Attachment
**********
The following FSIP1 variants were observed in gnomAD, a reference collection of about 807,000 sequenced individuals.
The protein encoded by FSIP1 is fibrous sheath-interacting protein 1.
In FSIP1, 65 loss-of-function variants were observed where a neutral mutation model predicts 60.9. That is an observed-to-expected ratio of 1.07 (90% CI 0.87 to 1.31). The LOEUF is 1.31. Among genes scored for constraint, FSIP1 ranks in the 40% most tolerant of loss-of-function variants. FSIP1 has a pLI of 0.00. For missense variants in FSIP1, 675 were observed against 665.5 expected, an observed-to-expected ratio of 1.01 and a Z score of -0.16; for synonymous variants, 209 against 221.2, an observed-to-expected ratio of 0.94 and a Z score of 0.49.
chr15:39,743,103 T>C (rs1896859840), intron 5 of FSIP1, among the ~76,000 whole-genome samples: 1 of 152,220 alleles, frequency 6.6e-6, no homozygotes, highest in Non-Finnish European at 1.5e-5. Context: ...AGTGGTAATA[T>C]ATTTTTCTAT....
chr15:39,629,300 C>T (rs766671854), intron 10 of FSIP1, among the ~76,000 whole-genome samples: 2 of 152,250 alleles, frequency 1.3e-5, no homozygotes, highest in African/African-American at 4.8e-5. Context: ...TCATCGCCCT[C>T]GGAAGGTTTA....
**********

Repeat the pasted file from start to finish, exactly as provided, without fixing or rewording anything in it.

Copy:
The following FSIP1 variants were observed in gnomAD, a reference collection of about 807,000 sequenced individuals.
The protein encoded by FSIP1 is fibrous sheath-interacting protein 1.
In FSIP1, 65 loss-of-function variants were observed where a neutral mutation model predicts 60.9. That is an observed-to-expected ratio of 1.07 (90% CI 0.87 to 1.31). The LOEUF is 1.31. Among genes scored for constraint, FSIP1 ranks in the 40% most tolerant of loss-of-function variants. FSIP1 has a pLI of 0.00. For missense variants in FSIP1, 675 were observed against 665.5 expected, an observed-to-expected ratio of 1.01 and a Z score of -0.16; for synonymous variants, 209 against 221.2, an observed-to-expected ratio of 0.94 and a Z score of 0.49.
chr15:39,743,103 T>C (rs1896859840), intron 5 of FSIP1, among the ~76,000 whole-genome samples: 1 of 152,220 alleles, frequency 6.6e-6, no homozygotes, highest in Non-Finnish European at 1.5e-5. Context: ...AGTGGTAATA[T>C]ATTTTTCTAT....
chr15:39,629,300 C>T (rs766671854), intron 10 of FSIP1, among the ~76,000 whole-genome samples: 2 of 152,250 alleles, frequency 1.3e-5, no homozygotes, highest in African/African-American at 4.8e-5. Context: ...TCATCGCCCT[C>T]GGAAGGTTTA....